04 November 2016

Testing Jimmie Dale's Patience (and mine)

Jimmie Dale and the Phantom Clue
Frank L. Packard
Toronto: Copp, Clark, 1922

This third Gray Seal book begins where the second, The Further Adventures of Jimmie Dale, leaves off. Gentleman Jimmie and lady Marie LaSalle are entwined, adrift in a small boat on the East River. Wizard Marre is dead... and with him the last remnant of the Crime Club that had once threatened their lives. Eventually, Marie breaks the embrace and begins to row. Jimmie looks on, "drinking in the lithe, graceful swing of her body, the rhythmic stroke of the heavy oars." All is calm and the pace is slow, despite Marie's exertion, until they reach Manhattan.

Marie acts quickly. Gaining terra firma, she flings the oars in the water, then pushes the boat – and Jimmie – back into the river.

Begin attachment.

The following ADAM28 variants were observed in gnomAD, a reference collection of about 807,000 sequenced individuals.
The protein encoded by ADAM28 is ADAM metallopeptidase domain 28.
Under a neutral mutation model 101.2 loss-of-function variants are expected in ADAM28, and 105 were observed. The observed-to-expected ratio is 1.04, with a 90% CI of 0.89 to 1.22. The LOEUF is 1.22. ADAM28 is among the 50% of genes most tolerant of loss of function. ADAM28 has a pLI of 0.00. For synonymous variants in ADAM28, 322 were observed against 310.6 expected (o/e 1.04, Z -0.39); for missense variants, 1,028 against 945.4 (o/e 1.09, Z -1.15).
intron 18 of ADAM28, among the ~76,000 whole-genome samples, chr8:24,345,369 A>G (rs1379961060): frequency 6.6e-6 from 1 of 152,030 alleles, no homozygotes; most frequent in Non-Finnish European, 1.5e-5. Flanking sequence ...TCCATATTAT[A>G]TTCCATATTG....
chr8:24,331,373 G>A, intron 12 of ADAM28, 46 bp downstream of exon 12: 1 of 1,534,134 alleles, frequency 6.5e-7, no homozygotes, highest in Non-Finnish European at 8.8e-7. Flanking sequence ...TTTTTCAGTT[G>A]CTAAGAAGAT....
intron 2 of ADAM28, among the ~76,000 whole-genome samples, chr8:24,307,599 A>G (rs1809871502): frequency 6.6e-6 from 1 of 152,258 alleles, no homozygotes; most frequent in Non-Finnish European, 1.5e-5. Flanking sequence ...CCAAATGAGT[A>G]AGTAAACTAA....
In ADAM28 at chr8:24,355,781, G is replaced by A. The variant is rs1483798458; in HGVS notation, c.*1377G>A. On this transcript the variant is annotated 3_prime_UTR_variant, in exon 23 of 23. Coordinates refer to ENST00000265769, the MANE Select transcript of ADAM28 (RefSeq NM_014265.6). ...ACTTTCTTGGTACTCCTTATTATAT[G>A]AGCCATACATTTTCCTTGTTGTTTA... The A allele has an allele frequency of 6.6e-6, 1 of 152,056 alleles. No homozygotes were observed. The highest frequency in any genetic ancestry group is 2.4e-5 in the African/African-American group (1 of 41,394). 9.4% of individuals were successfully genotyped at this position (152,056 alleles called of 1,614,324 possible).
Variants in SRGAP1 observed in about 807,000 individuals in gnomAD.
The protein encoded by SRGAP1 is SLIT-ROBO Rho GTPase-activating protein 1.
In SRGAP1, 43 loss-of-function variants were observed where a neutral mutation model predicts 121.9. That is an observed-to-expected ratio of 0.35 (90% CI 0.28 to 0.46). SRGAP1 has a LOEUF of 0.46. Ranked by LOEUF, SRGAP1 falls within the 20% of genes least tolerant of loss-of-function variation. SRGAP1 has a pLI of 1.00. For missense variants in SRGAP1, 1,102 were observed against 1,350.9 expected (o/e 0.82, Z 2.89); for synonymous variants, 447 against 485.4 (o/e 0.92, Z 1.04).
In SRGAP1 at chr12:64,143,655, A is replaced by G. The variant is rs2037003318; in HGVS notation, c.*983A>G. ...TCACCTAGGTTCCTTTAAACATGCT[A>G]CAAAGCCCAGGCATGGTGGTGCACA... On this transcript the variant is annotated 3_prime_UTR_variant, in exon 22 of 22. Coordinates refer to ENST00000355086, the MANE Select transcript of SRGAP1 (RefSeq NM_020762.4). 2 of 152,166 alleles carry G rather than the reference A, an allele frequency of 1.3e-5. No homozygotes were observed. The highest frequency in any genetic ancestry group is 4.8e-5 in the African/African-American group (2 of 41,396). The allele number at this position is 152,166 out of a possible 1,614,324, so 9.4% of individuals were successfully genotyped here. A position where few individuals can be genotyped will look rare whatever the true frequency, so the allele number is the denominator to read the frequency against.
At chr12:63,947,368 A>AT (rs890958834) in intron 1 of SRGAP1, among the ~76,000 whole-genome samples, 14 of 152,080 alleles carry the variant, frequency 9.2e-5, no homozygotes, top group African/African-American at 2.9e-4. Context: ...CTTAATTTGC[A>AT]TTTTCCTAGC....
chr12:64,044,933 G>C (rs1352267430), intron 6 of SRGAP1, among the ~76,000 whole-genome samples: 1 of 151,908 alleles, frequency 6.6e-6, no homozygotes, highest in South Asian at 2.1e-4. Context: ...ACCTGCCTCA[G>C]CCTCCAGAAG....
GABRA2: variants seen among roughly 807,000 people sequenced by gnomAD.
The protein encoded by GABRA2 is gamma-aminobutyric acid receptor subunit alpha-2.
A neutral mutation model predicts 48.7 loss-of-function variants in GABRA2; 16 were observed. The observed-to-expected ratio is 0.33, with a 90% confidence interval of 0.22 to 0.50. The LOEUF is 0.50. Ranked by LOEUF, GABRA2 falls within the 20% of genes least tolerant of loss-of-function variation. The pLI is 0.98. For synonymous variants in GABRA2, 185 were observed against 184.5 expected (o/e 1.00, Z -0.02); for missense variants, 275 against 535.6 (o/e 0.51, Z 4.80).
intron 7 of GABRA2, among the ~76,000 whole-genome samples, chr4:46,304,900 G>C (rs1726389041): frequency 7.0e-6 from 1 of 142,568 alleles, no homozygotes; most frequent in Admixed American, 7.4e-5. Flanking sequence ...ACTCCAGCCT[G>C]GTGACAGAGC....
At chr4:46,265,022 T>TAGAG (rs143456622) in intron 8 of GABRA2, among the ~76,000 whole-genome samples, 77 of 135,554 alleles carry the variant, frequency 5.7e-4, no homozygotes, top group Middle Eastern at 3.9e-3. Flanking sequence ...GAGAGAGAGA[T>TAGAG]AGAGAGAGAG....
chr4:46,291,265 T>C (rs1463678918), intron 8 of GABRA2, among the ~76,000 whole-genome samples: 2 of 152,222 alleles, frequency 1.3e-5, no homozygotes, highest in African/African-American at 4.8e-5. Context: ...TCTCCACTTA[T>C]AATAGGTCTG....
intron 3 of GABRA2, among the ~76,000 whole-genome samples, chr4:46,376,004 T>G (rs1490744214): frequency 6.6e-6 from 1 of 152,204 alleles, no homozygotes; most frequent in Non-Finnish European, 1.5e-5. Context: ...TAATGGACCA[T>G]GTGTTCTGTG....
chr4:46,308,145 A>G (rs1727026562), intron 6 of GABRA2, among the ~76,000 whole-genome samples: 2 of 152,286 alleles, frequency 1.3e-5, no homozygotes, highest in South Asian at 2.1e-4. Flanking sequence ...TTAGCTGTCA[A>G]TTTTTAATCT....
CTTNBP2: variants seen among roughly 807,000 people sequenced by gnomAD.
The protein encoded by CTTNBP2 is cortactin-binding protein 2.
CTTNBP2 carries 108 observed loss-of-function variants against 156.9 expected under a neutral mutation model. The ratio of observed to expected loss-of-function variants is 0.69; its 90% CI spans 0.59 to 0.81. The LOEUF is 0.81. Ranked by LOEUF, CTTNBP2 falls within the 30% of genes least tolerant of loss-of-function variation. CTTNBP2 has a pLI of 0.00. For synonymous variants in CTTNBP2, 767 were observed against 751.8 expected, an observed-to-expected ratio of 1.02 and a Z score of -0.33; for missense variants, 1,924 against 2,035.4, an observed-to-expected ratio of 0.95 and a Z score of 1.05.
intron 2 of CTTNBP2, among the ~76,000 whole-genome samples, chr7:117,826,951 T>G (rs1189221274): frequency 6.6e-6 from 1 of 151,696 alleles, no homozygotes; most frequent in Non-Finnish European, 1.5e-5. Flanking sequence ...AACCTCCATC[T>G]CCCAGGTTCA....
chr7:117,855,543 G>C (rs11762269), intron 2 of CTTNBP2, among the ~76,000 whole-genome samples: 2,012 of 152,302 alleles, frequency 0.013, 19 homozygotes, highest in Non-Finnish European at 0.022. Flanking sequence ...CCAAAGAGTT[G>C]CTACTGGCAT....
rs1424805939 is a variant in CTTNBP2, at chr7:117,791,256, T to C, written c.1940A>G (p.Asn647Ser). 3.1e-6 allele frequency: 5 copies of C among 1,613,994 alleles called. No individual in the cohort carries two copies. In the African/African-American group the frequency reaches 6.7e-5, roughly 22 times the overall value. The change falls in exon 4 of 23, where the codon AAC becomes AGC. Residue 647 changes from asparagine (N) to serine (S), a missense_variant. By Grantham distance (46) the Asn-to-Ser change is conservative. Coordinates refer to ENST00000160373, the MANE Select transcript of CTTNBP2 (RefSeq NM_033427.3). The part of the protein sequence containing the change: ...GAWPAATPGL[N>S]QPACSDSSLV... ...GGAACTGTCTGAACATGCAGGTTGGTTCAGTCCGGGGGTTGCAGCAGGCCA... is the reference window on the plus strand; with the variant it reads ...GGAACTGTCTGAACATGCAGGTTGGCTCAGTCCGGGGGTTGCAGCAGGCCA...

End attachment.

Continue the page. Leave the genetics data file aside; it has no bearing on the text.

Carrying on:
"Jimmie! Oh, Jimmie!" Her voice reached him in a low, broken sob. "There was no other way. It's in your pocket, Jimmie. I put it there when – when you were – were holding me."
Jimmie watches as Marie disappears into the crowded street, and I nearly threw the book against the wall.

The pattern repeats. Jimmie Dale and the Phantom Clue begins in
much the same way as The Further Adventures of Jimmie Dale. Our hero has vanquished the villains of the previous volume only to learn that another threatens Marie. Fearful that the link between she and he will expose the millionaire clubman's secret identity as the Gray Seal, Marie disappears to take on her new foe. The difference this time is that she expects to call on Jimmie's help every once in a while, as detailed in a letter she had left in his pocket.

There follows a new set of Gray Seal adventures; some work toward the defeating Marie's new nemesis, a mysterious figure she calls the Phantom, while others don't. The plots are clever and the writing is on par, but it's all a bit too familiar... and familiarity breeds contempt. I grew tired of reading details of Jimmie's costume changes and elderly